Baseball is much easier than other sports on fans. If your favorite football team loses, you have to wait a full seven days to see if they can redeem themselves. But in baseball, there's always tomorrow. In football, the preseason is a total drag and the regular players hardly ever play. In Spring Training, your favorites are good for at least several innings every week. That means the wait for the real deal is a lot shorter.

Fortunately for me, wherever I've lived in my life, those I was closest to rooted for the same teams as me. My brother and my day-to-day best friend in my childhood had the same favorite teams and we lived and died with them together. My first wife liked the same teams as me as does my current wife. It's not uncommon for my wife and I to high five when something good happens. It's not uncommon for both of us to be yelling at the television when things aren't going right. My son loves the same teams I do. That has led to a closeness all of his life based on those threads alone. But it's okay that my daughter could really care less. She's much more interested in the latest song on iTunes.

There is nothing rational about being a fan. There is no logical reason to care so much about something that matters so little in the grand scheme of things. But there is no way to turn it off. I tried that once. When baseball went on strike, I tried valiantly to give up the game. "Screw them!" I shouted. But I think that was the worst summer ever. And after it was over,  I tried to forget about it and move on to other passions. But being a fan is too large a part of my life. Being attached to my teams take up too much history and so much energy has been given there that it would be like losing an arm.

My favorite team is in the hunt for the playoffs. That's wonderful and it's also horrible. The stress is so great that I have trouble even watching the games. My emotions can't seem to handle it anymore. I'm like a kid during a horror movie running out of the room during every scary part. I have no idea if my team is going to go very far in the post season. If they do, it will be thrilling and satisfying. If they don't, it will be heartbreaking and no, knowing they had a good season will not mollify the feelings any. But no matter how they do in the post season, once again, my stomach will be churning until all the favorite players are signed back into the fold for next year. They are family and I'm a fan. I can't help myself.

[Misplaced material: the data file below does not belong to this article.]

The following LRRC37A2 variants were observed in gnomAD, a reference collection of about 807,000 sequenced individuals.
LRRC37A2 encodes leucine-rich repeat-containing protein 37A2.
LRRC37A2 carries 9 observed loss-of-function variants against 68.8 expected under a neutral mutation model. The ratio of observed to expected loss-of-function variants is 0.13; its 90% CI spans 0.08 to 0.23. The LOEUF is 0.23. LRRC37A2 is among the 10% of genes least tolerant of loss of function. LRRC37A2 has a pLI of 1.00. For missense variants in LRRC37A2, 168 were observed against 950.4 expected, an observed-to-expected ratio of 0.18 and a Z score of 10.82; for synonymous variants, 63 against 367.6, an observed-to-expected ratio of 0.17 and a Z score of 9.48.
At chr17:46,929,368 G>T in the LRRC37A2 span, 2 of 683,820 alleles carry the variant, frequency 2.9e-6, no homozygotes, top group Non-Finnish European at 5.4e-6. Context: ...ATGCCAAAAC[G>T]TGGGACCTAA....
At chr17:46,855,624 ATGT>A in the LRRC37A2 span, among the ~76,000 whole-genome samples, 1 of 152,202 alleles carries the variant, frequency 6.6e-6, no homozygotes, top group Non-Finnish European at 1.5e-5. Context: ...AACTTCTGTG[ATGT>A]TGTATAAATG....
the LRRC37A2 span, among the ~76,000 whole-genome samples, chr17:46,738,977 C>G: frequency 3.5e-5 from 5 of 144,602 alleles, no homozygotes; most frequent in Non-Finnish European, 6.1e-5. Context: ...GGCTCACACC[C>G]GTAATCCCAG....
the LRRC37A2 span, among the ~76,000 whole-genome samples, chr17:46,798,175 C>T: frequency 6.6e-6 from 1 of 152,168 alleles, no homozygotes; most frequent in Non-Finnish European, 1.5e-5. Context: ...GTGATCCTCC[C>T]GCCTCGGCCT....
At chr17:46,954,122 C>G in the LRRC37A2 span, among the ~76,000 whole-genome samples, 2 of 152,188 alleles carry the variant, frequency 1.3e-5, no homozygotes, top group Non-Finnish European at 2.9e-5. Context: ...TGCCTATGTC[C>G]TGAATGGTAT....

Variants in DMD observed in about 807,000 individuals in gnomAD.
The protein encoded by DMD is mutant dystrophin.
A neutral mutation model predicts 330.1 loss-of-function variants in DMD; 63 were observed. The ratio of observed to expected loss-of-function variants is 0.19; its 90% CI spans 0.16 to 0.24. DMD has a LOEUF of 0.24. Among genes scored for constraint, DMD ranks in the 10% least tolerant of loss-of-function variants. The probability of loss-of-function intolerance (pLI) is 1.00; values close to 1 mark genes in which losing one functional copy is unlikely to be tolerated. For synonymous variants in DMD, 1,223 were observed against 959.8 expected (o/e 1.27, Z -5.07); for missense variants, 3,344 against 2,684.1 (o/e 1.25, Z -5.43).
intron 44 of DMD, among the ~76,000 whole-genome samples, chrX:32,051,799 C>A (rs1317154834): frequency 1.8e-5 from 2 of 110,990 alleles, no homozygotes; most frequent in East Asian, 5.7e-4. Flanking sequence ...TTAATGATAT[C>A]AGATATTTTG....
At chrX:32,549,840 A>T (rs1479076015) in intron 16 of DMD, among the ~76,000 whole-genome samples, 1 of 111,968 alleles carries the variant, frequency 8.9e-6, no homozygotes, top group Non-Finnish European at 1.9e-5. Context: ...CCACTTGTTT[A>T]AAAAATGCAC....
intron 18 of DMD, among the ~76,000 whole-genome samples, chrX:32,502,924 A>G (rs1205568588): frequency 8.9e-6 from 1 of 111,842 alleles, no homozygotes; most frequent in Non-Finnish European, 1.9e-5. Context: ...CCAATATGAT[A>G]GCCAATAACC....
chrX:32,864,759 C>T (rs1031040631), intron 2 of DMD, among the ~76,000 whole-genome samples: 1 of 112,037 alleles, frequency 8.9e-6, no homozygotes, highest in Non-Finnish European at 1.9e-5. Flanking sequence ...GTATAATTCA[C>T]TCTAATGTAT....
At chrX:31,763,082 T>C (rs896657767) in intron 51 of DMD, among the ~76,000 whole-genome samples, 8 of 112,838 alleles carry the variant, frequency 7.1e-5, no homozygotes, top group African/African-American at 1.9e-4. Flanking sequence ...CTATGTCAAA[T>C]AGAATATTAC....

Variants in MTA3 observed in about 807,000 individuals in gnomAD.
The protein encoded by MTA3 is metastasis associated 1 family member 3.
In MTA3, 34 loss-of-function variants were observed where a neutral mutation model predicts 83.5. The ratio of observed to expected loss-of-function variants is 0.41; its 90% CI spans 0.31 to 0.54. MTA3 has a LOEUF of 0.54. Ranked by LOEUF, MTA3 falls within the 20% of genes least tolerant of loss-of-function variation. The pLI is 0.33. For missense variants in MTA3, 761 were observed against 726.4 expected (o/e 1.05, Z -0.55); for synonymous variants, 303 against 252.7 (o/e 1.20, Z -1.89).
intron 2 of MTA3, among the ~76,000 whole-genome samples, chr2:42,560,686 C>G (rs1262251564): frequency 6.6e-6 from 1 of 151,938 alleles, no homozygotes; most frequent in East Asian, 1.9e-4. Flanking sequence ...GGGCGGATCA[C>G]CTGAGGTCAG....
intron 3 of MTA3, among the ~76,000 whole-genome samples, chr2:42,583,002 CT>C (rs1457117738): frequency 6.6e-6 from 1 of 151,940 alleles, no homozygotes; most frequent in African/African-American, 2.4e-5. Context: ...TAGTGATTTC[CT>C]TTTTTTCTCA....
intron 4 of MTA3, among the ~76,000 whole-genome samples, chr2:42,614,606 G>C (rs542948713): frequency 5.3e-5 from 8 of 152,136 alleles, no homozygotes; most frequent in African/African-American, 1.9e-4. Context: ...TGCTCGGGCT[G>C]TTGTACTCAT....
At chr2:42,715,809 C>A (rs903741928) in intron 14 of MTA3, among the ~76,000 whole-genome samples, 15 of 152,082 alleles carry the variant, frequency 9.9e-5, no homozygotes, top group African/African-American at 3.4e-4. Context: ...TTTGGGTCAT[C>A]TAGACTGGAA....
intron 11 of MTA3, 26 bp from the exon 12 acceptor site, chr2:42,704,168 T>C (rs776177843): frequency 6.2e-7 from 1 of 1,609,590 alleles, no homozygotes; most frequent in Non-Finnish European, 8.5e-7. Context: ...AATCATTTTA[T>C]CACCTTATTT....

Navin Vaswani (@eyebleaf) said...

Nice essay, William. Enjoyed reading it. Baseball has a way of really breaking your heart, doesn't it? So much of the game is about failure. It's beautiful, and I love it. Makes the successes, individual and team, all the more special. Enjoy October baseball. The Yankees spoil you!

bobook said...

Your water heater tank describing was very well written, William. Placed me in the moment-- well done. As is said, 'No good deed goes unpunished'. But I would have kicked your ass in Strat-O-Matic!

Miles said...

nothing ruins my day as quick as when my baseball team loses.

Josh Borenstein said...

Great post. Nothing more deflating than an inning-ending double play with the bases loaded.